06 September 2008 – by Cormac Cambell
Despite one or two setbacks in the past 12 months, the glass is beginning to overflow for Irish boxing.
A blossoming professional scene can only be bolstered by the Beijing success of Messrs Barnes, Egan and Sutherland – and that is a supposition that holds firm whether or not our Olympians elect to ditch their vests and headguards.
The coverage the sport has received from the mainstream press in recent weeks has been nothing short of unprecedented. But laurels are not for resting on and as such much hard work has to be done if the amateur and professional codes are to retain this support.
The IABA is at a point where their High Performance Unit is among the most envied in the entire amateur boxing world. We have it right in the ring – however, there is a real need for the amateur sport to be promoted out of it with more vigour and to use a rather crude wordprofessionalism.
There is no excuse for empty seats at the National Stadium for internationals or major championships and one can only assume that so many exist because nobody has been appointed to push tickets to clubs and the general public. A simple task providing pricing is flexible.
Full houses attract the attention of the media – newspapers, radio and TV. Moreover, the spread of internationals around the country is less than equitable. Yes the Stadium is a wonderful venue but surely Belfast, Cork, Galway, Limerick and Derry are deserving of regular opportunity to host senior international events?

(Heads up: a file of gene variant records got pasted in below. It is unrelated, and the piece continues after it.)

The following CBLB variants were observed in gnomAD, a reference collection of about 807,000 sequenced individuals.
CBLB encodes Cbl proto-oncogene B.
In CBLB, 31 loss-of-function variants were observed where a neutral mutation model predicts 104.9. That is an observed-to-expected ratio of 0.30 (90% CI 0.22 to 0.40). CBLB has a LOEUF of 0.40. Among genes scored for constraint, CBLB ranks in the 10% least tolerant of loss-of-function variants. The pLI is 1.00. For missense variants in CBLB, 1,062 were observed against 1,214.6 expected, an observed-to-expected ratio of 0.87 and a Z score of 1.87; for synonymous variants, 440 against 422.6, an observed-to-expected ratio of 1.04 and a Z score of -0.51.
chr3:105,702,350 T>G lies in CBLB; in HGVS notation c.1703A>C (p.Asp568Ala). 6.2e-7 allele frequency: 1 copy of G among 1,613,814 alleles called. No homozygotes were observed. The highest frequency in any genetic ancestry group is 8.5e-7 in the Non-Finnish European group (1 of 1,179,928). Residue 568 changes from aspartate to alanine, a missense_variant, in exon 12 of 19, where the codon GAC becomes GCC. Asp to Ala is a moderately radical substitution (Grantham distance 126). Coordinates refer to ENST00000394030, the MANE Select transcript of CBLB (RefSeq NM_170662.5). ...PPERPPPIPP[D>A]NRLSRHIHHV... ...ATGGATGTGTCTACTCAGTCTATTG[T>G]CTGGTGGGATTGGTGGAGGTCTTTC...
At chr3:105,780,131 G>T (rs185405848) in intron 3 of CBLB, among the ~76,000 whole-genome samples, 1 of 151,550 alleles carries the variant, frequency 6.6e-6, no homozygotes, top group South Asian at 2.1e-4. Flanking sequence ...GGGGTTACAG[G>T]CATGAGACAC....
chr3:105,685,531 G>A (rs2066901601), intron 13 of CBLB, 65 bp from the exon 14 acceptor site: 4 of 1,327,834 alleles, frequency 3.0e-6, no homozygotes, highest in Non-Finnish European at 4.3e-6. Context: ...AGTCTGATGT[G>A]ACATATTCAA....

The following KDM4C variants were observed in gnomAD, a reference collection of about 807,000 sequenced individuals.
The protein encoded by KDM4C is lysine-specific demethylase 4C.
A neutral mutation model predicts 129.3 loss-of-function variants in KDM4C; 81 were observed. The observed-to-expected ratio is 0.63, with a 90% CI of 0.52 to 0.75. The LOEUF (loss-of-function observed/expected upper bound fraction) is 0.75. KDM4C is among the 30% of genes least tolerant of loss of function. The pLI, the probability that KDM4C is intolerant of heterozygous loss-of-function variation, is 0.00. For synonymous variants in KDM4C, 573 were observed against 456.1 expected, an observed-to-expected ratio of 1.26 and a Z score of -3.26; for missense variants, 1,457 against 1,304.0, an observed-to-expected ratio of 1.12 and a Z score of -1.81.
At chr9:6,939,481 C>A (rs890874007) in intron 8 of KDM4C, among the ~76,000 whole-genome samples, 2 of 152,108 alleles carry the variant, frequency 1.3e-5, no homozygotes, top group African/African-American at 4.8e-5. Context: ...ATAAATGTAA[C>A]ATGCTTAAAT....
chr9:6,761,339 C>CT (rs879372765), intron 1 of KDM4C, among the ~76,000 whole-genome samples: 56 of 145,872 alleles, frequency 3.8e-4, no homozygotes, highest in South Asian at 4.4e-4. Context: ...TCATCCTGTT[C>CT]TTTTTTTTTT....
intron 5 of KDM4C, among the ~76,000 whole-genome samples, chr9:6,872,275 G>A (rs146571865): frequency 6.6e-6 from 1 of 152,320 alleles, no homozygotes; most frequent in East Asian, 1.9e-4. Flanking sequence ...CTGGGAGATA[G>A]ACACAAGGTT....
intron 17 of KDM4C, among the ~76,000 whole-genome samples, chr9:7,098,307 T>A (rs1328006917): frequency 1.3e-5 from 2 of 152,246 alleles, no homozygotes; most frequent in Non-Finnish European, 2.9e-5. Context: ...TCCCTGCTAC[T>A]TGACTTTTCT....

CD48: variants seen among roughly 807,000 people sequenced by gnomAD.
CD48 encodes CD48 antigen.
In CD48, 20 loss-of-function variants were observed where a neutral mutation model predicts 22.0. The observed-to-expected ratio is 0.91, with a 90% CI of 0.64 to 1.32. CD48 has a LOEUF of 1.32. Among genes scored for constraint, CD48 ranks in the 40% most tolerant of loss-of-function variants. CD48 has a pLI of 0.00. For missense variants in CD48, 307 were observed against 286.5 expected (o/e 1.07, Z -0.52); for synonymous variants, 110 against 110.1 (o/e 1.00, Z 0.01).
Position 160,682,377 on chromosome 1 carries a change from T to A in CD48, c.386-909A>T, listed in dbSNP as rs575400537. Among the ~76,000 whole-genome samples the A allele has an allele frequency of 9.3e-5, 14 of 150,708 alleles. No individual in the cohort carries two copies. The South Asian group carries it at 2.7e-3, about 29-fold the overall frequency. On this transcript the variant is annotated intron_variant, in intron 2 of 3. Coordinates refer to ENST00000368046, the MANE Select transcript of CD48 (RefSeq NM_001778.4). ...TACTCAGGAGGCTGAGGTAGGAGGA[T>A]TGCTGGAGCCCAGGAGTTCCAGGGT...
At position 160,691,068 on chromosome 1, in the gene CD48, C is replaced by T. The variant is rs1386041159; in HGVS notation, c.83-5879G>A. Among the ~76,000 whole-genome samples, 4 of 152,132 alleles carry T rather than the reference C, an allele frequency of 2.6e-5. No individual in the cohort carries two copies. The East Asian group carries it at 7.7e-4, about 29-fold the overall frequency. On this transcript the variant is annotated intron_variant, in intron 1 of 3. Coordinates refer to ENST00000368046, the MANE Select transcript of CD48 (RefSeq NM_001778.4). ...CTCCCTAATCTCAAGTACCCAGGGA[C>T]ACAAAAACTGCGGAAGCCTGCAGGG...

One can only imagine that this would prove to be a profitable experience both in terms of revenue and exposure?
Moreover, following Beijing the time is right for the IABA to lobby RTE and the Government if necessary to force the State Broadcaster in to a deal that would ensure live coverage of the sport on our screens for all major competitions. In a nutshell – we need more professionalism outside the ring. In it, it would a little more complicated.
After all, the possibility of the amateur code engaging in any sort of bidding war with professional promoters for the services of boxers should be frowned upon. If a boxer wants to make money, the IABA or Sports Council should not be stretching budgets to enable him to do so. Certainly, fostering talent with financial means is desirable and commendable – but to go down the road of six figure salaries makes a mockery of the ethos of amateur sport.
If a boxer is costing too much he should be given his cards, lest his demands interfere with the development of other boxers.
But wait. There seems to be a third way emerging.
Apparently the AIBA are planning to introduce a World League, which would offer prizemoney rather than pay packets by 2010 and boxers would still be allowed to enter the Olympics.
AIBA President Dr Ching-Kuo Wu has said that this can change the sport forever.
“The World League of Boxing will revolutionise the sport of boxing like never before, providing a universal form of entertainment which will capture the imagination of boxing fans around the world,” he said.
Whatever way these plans pan out the IABA should be planning for making the most of the current system – bad judging and all.
And that includes abandoning the viewpoint that stopping the best amateurs from turning professional is so important.
The situation between the amateurs and professionals is like that of the GAA and the AFL. At the end of the day, an athlete is always going to go for the money if it is on the table.
So it may be best for the sport if amateur authorities looked at the next hungry generation such as Darren O’Neill and Tommy McCarthy rather than stretching budgets trying to retain established stars such as Sutherland and Egan.